Monday, January 26, 2009

Listen to the silence

On January 15, The Jewish Chronicle, oldest Jewish newspaper in Britain, published an attack on three people often interviewed on British TV and critical of Israel: First, Abdel-Bari Atwan, editor in chief of AlQuds alArabi (pro-Palestinian partisan); second, Richard Falk, the American Jew who is UN Rapporteur for Gaza (Israel-hater); and third, Dr Mads Gilbert, the Norwegian surgeon who went to Gaza at the height of the fighting and performed operations at a hospital in Gaza City (leftist). Oddly or not, similar Zionist groups in the United States seem to have had nothing to complain about as far as American television was concerned.

Atwan himself, in an op-ed today, noting with quiet pride his place on that list, says those media did most honorably who let the sounds and images of the slaughter speak for themselves, and obviously here too the situation was different in America, where the "Israeli self-defence" motif was paramount, and AlJazeera apparently isn't widely available.

And now, as Israeli society contemplates its options in the run-up to national elections on February 10--including the possibility of a Nazi-style citizenship-certificate law--and Hamas leaders are reportedly under continued threat of asassination, the American foreign-policy establishment has fallen silent. Everyone from Brookings to CAP to NSN and including the courtiers and court-watchers at Foreign Policy are finding other things to talk about. And the reason is perhaps not surprising: They have not yet been told what to think, so they are waiting.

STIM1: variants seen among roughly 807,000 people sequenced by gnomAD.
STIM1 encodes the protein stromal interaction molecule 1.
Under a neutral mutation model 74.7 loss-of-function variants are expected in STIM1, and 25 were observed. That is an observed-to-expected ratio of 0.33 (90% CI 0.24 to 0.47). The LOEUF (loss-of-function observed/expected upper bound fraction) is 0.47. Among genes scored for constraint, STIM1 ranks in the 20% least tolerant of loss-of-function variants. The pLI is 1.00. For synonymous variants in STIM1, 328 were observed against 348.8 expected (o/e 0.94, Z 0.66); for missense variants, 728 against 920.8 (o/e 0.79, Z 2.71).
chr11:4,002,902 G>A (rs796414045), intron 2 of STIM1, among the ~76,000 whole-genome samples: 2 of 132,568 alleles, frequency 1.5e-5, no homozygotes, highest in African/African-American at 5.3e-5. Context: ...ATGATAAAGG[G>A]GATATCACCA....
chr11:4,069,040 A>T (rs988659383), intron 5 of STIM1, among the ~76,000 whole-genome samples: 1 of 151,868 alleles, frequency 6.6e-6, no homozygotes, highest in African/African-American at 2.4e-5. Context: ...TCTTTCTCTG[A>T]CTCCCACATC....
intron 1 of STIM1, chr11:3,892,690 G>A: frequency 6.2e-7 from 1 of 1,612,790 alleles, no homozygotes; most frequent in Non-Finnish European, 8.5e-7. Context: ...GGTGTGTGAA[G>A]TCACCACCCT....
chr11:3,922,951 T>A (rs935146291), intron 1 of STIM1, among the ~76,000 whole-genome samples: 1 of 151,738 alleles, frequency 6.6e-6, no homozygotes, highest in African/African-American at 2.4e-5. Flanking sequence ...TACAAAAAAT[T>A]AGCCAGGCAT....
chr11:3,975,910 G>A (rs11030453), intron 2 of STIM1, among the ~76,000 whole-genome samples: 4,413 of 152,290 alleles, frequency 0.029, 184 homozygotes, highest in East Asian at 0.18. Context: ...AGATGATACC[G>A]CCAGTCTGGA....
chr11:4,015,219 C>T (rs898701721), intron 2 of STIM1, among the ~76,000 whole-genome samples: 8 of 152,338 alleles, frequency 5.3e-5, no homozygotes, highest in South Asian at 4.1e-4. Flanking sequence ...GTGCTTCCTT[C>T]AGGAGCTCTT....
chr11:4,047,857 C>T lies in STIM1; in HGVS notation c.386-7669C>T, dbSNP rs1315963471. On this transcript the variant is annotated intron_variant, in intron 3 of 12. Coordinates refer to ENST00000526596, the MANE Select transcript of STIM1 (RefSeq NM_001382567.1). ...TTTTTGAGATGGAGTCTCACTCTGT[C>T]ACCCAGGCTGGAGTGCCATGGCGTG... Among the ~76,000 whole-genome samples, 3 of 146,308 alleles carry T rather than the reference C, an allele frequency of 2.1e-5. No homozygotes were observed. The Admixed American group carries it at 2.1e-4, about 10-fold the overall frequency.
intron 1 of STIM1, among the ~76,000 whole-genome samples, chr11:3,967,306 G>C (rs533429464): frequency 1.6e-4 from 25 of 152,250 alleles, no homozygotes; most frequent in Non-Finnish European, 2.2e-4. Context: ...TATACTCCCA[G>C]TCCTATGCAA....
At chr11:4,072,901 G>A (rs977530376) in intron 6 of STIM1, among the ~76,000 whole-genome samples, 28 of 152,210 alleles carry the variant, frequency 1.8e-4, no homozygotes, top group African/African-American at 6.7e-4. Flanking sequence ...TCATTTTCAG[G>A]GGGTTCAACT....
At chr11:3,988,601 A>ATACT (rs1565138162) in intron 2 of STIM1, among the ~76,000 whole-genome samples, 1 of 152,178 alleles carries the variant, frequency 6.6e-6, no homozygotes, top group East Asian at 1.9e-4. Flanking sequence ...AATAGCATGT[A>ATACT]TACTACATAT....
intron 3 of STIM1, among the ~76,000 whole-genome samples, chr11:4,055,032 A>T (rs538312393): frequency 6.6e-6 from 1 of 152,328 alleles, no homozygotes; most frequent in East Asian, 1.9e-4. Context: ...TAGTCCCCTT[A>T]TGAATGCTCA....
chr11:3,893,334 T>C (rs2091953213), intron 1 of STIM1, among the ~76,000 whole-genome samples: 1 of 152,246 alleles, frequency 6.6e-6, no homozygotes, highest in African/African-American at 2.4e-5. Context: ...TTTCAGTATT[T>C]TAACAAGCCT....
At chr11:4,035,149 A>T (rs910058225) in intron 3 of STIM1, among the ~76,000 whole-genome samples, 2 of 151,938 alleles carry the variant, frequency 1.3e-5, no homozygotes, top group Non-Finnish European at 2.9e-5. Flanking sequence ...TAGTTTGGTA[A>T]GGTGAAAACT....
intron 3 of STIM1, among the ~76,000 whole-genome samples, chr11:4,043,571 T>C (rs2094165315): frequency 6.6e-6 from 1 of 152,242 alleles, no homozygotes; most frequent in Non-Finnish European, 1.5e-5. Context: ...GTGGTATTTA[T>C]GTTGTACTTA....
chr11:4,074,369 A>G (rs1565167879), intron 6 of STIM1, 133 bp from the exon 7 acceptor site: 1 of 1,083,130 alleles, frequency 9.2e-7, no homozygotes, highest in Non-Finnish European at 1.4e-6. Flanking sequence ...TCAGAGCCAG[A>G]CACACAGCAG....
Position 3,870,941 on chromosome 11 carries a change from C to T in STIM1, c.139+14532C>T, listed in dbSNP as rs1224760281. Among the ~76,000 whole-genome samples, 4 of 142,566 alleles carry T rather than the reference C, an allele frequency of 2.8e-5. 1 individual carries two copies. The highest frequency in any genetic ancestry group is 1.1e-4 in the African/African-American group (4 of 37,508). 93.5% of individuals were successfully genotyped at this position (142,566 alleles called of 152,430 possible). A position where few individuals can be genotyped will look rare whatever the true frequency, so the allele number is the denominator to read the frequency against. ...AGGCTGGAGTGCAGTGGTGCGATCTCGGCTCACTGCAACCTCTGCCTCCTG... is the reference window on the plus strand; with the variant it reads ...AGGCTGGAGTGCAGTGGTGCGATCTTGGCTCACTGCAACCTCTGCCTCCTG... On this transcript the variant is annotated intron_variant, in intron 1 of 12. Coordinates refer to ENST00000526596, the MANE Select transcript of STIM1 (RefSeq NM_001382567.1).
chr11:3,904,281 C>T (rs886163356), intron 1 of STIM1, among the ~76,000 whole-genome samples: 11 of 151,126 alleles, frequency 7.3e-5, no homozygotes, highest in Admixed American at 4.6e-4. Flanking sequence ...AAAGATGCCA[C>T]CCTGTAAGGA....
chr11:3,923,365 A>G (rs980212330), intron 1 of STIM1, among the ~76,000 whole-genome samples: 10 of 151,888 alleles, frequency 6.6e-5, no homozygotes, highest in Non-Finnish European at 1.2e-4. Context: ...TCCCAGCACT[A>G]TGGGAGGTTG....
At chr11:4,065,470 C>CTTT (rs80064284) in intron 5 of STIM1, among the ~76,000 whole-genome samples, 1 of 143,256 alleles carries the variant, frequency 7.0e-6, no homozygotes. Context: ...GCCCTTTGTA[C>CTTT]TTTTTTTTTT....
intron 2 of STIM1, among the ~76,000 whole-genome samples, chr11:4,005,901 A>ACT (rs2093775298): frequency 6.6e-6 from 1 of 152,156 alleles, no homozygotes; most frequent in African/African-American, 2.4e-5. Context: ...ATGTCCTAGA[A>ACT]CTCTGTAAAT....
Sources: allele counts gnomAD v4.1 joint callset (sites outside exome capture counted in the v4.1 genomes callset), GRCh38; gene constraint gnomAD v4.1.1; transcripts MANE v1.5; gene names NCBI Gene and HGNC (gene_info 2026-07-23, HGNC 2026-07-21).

The tea-leaves suggest that the aim will be to dust off the two-state solution, even though as even the common people were able to see on "60 Minutes" last night that is a possibility that has already been strangled by the Wall, that separates at various places a farmer from his land, and neighbour from neighbour, and the other West Bank strangulation policies, not to mention the recent butchery in Gaza.

Or they will be "given" something. Ackerman talks about the need to "give the Muslim world much of what it wants that is also in our interest, so it can accept, passively or actively, the pain of seeing the application of force in eastern Afghanistan and western Pakistan". That is the Pentagon talking.